posted by whirlwind29 at 12:34 AM on February 16, 2003

so whirlwind29, you mean that people are 100x more so against war? Is that what you mean by do the math?

hmmm ......

FOX News/Opinion Dynamics Poll. Latest: Feb. 11-12,2003
"Do you support or oppose U.S. military action to disarm Iraq and remove Iraqi President Saddam Hussein?"

Support: 69%
Oppose: 23%

CBS News/New York Times Poll. Latest: Feb. 10-12, 2003
"Do you approve or disapprove of the United States taking military action against Iraq to try to remove Saddam Hussein from power?"

Approve: 66%
Disapprove: 29%

CNN/USA Today/Gallup Poll. Latest: Feb. 7-9, 2003
"Would you favor or oppose invading Iraq with U.S. ground troops in an attempt to remove Saddam Hussein from power?"

Favor: 63%
Oppose: 34%

Crunch those numbers.

posted by Steve_at_Linnwood at 1:01 AM on February 16, 2003

Look, Front242 records are enough of a bummer to find in southern Florida as it is.
Back off.
posted by dong_resin at 1:04 AM on February 16, 2003

Europe's war views. Source: EOS Gallup poll, Jan. 2003
posted by Ljubljana at 3:47 AM on February 16, 2003

I too call 'horseshit' on Mig's tedious generalizations...

S@L: You might want to look into polls results from questions such as 'Do you support unilateral US military action?', 'Do you support action without the support of the UN?' and so forth.
posted by i_cola at 4:39 AM on February 16, 2003

Hey, look at the fireworks! Cool, man.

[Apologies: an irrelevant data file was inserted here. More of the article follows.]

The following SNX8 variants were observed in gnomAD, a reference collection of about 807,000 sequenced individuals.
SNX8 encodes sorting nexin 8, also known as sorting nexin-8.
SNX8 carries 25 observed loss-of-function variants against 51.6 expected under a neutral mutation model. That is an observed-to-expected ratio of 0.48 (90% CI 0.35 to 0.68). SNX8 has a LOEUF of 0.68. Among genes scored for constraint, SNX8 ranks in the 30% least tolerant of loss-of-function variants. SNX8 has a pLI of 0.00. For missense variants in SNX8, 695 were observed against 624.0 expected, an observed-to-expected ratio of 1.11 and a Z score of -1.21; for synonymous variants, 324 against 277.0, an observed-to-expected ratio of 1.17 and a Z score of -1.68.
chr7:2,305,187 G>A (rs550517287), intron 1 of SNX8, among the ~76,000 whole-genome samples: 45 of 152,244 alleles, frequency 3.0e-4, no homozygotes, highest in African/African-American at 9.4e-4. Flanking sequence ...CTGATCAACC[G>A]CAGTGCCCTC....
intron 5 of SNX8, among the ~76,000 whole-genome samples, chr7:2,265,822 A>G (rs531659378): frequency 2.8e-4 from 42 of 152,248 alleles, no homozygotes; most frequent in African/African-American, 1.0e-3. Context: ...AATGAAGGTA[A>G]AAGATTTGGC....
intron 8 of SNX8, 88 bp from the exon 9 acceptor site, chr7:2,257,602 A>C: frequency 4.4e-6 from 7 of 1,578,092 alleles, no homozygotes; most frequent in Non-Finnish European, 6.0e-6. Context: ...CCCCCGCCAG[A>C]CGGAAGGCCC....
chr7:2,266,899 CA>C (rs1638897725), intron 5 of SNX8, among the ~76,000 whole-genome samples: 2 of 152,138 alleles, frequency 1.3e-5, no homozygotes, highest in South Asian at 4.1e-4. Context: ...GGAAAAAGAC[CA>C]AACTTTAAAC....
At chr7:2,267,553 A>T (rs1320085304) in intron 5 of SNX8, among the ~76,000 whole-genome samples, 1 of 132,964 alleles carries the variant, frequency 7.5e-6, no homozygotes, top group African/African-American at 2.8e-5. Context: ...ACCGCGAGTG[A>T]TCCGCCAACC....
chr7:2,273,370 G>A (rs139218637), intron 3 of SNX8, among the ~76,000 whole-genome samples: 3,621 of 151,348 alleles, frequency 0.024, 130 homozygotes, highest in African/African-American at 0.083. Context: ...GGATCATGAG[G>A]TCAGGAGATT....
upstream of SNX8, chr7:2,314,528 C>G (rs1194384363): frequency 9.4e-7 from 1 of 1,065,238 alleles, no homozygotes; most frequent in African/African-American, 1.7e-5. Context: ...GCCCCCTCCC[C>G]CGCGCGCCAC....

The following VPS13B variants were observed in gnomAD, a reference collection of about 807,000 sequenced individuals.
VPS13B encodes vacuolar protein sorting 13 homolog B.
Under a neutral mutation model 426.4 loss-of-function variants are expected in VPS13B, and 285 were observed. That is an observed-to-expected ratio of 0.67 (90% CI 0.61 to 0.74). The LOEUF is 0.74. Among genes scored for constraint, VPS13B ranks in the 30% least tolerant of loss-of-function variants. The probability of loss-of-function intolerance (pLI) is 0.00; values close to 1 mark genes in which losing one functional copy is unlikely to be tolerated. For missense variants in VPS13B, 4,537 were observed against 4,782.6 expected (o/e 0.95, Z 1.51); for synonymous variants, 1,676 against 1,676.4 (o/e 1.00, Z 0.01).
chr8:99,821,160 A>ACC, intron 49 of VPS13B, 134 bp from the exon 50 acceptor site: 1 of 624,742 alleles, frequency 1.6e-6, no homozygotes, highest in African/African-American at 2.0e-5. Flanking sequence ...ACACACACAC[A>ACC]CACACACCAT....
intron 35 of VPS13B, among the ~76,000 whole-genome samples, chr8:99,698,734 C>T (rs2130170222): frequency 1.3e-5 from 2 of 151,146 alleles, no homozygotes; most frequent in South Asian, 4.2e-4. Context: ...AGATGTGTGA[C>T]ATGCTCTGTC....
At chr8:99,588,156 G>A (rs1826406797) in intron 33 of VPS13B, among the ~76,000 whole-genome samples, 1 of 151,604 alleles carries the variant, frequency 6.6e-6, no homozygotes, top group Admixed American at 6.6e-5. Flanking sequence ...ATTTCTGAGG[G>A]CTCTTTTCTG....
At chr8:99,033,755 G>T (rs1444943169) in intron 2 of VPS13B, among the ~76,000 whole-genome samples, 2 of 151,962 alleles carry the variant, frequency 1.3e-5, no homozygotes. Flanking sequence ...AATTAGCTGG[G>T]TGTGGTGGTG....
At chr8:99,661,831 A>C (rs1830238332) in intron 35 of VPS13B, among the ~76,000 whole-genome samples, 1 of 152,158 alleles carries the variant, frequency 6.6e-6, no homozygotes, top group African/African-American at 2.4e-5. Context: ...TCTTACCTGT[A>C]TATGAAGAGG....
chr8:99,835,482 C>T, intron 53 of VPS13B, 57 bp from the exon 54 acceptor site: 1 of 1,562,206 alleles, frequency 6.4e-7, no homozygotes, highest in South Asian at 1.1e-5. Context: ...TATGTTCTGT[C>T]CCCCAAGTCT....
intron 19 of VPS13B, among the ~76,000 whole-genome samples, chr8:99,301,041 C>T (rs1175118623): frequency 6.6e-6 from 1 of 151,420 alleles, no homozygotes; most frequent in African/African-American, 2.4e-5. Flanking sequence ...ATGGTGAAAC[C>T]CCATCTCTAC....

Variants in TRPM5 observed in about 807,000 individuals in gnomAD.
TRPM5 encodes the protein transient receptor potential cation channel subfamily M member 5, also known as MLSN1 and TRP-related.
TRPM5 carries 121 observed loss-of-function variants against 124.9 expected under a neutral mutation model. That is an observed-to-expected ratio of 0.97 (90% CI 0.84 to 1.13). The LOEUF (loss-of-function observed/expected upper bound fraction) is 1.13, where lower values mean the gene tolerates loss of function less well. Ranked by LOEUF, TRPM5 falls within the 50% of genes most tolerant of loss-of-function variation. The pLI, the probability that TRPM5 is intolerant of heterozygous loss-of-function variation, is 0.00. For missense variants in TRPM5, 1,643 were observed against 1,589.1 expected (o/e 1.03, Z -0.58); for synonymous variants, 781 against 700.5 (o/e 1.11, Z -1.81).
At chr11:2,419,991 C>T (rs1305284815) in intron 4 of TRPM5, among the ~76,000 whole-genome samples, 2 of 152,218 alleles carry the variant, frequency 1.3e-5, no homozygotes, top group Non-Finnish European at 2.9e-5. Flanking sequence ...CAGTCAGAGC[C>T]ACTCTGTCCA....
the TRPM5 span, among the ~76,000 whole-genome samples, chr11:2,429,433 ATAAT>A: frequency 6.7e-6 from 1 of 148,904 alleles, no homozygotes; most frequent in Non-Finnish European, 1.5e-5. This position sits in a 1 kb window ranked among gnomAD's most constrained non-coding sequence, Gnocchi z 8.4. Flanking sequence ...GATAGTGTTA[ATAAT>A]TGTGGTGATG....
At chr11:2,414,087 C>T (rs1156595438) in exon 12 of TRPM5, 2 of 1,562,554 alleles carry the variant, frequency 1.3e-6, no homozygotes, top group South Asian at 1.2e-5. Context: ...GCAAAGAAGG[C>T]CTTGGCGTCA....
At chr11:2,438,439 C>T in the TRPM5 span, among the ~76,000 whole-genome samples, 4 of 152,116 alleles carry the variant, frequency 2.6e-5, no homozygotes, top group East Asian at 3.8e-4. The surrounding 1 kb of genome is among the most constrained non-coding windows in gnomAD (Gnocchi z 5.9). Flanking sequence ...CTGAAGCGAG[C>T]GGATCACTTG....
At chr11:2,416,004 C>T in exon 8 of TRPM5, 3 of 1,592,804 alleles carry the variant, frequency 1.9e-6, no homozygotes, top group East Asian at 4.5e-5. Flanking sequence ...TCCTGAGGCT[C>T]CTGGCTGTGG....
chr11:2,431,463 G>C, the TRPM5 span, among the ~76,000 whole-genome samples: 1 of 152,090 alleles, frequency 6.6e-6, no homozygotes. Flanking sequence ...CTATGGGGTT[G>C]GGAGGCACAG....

posted by stavrosthewonderchicken at 7:42 AM on February 16, 2003

*Washing French camenbert down with a Warsteiner...*

Boycotts? Petty, petty...

The rest of the world would overwhelmingly support the export the export of US wars, given half a chance.
posted by insomnia_lj at 7:59 AM on February 16, 2003

er... oppose the export, I should say. Yup. Definitely oppose.
posted by insomnia_lj at 8:00 AM on February 16, 2003

Yup, I have to apologize for my crap post. The link was crap; there should have been other links to trade relations (and figures) between the countries in question, as well as to news articles about the boycotts; the proposed discussion was loaded; my defense of it was muddled and went beyond the post's remit and... oh, I'm sorry to say I just posted my opinion on a subject, with nothing to back it up and, what is worse, nothing that could spark discussion.

posted by MiguelCardoso at 6:47 PM on February 16, 2003

Miguel - bravely admitted. But, a little screw-up now and then is merely human and, as the saying goes, "consistency is the hobgoblin of little minds......."
posted by troutfishing at 9:35 PM on February 16, 2003